Mains voltage normalizer. Construction principles.

A.P. Krivetsky
The article describes a general approach to building an inexpensive voltage normalizer
an alternating current electrical network based on an autotransformer with 4 taps,
switched by triac keys. A method of decreasing the switching step using phase voltage boost is considered,
without changing the structure of the device.

Mains voltage, especially in weak suburban networks, is subject to significant fluctuations far beyond the standard tolerance of ± 10%. Fortunately, the dielectric strength of many household appliances allows them to withstand even voltages outside the 20 percent tolerance. Not all devices have power supplies that allow a wide range of supply voltages, so their normal operation is not guaranteed. In addition, overvoltage or undervoltage has a detrimental effect on their durability.

This problem is not new and exists in different countries. Not for nothing, for example, in Germany, for provincial areas, electronic and electromechanical devices are produced that maintain the voltage in the network of a residential building within acceptable limits.

The most compact devices are based on autotransformers with stepwise switching of windings. Periodicals [1-4] described many variants of such devices for self-production. In all these devices, an attempt is clearly visible to increase the number of steps to reduce the switching step (the author has seen up to 12). This leads to an unnecessary complication of the described devices. In addition, they irrationally use an autotransformer, which, as a rule, has a fixed connection to the network, where the voltage varies over a wide range, and a switchable load connection, where the voltage changes within narrow limits [4]. But, most importantly, in many such electronic devices [4 ... 6], the triac switches are switched incorrectly, which causes fair complaints from users, and sometimes the inoperability of stabilizers in real conditions.

In the article, according to the author, a more rational approach to the design of such devices is proposed.

In this case, it is more expedient to set the task of not stabilizing, but normalizing the mains voltage, i.e. keeping it within the standard 10% tolerance. This will simplify and reduce the cost of the device.

In fig. 1 shows a block diagram of the mains voltage normalizer. It consists of an autotransformer T, triac switches VS1 - VS5, VSд, a current sensor, a voltage sensor and a control system.

The autotransformer is connected to the network using triac keys. The power of the autotransformer at a maximum transformation ratio of 1.2 will be 20% of the maximum load power without taking into account the efficiency, since an autotransformer, unlike a transformer, transforms only a fraction of the power. The VS5 switch completely turns off the autotransformer when the transformation ratio is equal to 1. This increases the efficiency, since any transformer has, albeit a small, no-load current, at which hundreds of kilowatts of electricity are additionally consumed per year. The current of this key will also be about 20% from the current of the keys VS1 - VS4, again without taking into account the efficiency. An additional VSd key (shown in color) allows you to completely turn off the normalizer and the load in emergency situations, leaving monitoring the state of the network for automatic turning on. The use of an additional key allows you to reduce the voltage requirements for the remaining keys, because they turn out to be connected in series with VSd.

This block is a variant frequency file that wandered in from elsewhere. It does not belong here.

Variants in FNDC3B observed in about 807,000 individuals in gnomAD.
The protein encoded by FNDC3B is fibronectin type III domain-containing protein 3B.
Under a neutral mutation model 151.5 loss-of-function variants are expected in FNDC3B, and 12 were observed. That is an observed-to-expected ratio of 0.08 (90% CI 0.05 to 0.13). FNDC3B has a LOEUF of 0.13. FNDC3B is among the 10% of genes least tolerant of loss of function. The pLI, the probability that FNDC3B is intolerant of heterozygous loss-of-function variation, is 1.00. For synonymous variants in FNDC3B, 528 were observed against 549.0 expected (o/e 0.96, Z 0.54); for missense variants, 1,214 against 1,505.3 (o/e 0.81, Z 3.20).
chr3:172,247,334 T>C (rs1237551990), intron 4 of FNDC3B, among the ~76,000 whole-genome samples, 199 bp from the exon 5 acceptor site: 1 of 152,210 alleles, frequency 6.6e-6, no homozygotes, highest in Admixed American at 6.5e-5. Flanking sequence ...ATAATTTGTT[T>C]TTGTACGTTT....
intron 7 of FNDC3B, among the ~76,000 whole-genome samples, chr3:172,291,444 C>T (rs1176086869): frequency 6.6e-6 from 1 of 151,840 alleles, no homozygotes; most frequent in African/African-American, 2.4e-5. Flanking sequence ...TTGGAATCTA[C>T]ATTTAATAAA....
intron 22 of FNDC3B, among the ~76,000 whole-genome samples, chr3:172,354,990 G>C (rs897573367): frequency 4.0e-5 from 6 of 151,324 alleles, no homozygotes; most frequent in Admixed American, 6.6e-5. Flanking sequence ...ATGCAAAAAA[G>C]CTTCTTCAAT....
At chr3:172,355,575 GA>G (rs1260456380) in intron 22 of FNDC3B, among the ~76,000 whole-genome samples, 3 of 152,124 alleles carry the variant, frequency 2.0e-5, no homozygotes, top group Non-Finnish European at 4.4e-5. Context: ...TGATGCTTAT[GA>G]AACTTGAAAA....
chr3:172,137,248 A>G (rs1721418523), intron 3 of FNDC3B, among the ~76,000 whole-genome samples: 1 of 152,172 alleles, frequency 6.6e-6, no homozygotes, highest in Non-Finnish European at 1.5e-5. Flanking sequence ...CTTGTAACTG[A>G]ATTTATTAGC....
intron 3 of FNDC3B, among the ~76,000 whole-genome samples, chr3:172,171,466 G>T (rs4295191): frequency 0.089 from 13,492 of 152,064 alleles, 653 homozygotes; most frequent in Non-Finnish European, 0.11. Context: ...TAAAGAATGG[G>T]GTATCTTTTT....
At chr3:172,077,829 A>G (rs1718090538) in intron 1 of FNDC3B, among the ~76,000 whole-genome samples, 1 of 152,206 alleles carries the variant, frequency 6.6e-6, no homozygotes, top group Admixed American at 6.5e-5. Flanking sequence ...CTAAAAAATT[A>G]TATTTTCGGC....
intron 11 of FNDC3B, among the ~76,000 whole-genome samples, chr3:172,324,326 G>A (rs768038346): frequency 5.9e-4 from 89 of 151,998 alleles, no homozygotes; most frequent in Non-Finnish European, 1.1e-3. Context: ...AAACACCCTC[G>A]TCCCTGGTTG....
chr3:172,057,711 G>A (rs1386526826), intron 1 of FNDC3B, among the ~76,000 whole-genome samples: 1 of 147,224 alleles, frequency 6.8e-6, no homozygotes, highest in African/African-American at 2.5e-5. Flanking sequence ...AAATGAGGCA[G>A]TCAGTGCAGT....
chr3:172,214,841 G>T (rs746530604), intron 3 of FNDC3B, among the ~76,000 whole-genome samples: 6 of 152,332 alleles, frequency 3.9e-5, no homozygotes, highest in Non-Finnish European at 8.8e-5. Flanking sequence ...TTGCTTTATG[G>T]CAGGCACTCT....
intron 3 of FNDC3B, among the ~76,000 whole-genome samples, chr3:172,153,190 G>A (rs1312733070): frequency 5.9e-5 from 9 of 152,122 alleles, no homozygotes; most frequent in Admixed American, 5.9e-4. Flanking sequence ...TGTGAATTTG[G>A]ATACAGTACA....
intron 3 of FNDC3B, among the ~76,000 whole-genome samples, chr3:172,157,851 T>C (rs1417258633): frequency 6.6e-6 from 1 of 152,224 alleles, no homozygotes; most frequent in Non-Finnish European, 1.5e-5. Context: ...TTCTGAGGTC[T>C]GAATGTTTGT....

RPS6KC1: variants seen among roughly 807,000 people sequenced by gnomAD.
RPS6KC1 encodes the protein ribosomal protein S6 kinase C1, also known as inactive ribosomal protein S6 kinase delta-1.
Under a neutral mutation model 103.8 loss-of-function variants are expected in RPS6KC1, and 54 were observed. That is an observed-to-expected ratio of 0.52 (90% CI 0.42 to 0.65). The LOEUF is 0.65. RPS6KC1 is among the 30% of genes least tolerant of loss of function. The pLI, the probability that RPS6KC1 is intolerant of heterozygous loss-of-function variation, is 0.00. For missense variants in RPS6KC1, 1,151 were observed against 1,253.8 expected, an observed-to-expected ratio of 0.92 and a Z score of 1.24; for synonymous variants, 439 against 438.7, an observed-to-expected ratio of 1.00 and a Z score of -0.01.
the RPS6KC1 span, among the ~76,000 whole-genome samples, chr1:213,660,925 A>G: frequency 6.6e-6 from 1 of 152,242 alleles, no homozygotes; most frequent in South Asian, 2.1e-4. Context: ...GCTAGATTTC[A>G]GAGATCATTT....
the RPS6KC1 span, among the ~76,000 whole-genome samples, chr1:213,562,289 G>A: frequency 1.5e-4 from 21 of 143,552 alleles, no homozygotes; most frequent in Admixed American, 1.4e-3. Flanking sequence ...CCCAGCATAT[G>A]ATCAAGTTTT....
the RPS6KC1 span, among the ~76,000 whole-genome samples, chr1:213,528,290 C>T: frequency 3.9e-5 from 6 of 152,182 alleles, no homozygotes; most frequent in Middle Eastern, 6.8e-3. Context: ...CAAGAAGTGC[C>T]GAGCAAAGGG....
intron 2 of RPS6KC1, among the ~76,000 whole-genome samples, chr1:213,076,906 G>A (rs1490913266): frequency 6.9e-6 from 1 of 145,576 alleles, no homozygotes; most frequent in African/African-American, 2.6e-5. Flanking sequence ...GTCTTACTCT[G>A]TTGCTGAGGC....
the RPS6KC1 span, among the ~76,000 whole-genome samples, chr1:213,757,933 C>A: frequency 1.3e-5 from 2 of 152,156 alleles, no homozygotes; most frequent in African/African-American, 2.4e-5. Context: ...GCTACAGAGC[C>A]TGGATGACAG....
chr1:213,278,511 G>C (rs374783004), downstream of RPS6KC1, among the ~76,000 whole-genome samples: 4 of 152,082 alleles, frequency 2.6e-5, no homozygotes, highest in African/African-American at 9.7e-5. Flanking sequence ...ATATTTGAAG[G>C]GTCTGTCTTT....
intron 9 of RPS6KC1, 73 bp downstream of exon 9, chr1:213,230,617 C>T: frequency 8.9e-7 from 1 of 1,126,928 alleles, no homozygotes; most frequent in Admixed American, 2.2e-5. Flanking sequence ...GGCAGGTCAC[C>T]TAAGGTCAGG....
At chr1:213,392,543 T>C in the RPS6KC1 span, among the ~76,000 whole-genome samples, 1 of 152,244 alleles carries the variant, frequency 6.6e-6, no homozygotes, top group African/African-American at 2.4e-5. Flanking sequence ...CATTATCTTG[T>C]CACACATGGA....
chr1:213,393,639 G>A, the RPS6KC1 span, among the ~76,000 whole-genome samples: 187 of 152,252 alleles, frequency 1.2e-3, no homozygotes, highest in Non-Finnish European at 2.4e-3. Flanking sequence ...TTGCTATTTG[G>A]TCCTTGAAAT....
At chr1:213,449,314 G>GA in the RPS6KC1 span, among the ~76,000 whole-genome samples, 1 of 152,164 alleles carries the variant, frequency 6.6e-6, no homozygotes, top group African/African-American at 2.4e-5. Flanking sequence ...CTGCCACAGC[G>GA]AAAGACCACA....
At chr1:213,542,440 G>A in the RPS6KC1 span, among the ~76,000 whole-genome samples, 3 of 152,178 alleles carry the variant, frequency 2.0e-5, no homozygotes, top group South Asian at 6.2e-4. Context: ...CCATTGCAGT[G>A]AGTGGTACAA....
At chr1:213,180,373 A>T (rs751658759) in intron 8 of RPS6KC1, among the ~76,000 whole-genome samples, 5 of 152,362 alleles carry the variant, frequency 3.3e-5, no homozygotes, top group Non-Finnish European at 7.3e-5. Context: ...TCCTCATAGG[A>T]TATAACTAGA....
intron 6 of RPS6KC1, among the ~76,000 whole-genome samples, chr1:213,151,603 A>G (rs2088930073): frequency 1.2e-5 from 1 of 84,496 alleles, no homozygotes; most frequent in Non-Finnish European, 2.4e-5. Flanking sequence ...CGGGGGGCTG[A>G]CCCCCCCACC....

Структурная схема нормализатора сети

    The proposed transfer characteristic of the normalizer is shown in Fig. 2. The load is permanently connected to one of the taps, the network is connected through one of the switches (VS1 - VS4), depending on the input voltage and the selected range (d1 - d4, respectively). This makes it possible to reduce the redundancy of the autotransformer, because the entire winding is rated for maximum voltage. At reverse connection, for example [4,5], when the network is permanently connected to one of the taps, and the load is switched, the winding before the network tap must be designed for the maximum possible voltage. And so that the autotransformer could also be a step-up one, it would be necessary to add more windings after this one.

This figure shows the characteristics of the normalizer in 4 switchable ranges d1 - d4. For each range, the corresponding graph shows the transformation ratio of the autotransformer k and the switching points from one range to another (U2 - U7). When the mains voltage goes beyond the normalization range, the normalizer disconnects the load and its power section. As can be seen from the graph, the characteristic has significant switching hysteresis, which are achieved by overlapping ranges. This avoids frequent switching with small voltage fluctuations at the edge of any range. For the same purpose, the lower and upper turn-off voltages U1, U8 and turn-on voltages U1 *, U8 * noticeably differ at the boundaries of the normalization range. Additionally, measures can be taken based on time delays of reclosing and band switching. The characteristic is constructed in such a way that a slight violation by the output voltage of the standard tolerance field is allowed at the boundaries of the normalization range. This is done in order to expand the working range.

Передаточная характеристика нормализатора напряжения сети

     With a sinusoidal voltage, the triac switch can be opened at any time, and it will close only when the current through it becomes zero (if strictly - less than the holding current). With a reactive nature of the load, the phases of the current and voltage do not coincide. This is shown in Fig. 3, (IWITH - current with a capacitive nature of the load, IL - with inductive).Сдвиг фазы тока в зависимости от характера нагрузки    It can be seen from the diagrams that when the voltage crosses zero, the current in the general case may not be equal to zero. The phase difference between current and voltage will depend on the magnitude of the reactivity. Therefore, an attempt to switch the keys on the transition of voltage through zero [4, 5, 6] can lead to a short circuit of the autotransformer sections. For this reason, keys with a built-in zero detector cannot be used in this device. The simplest case for the proposed circuit occurs in the absence of an external load, then the key load is the inductance of the autotransformer winding. To avoid an accident in the absence of a current sensor, time delays are introduced. A sufficient (for any load) delay in turning on the next switch will lead to discontinuities in the sinusoid or even to skip a period.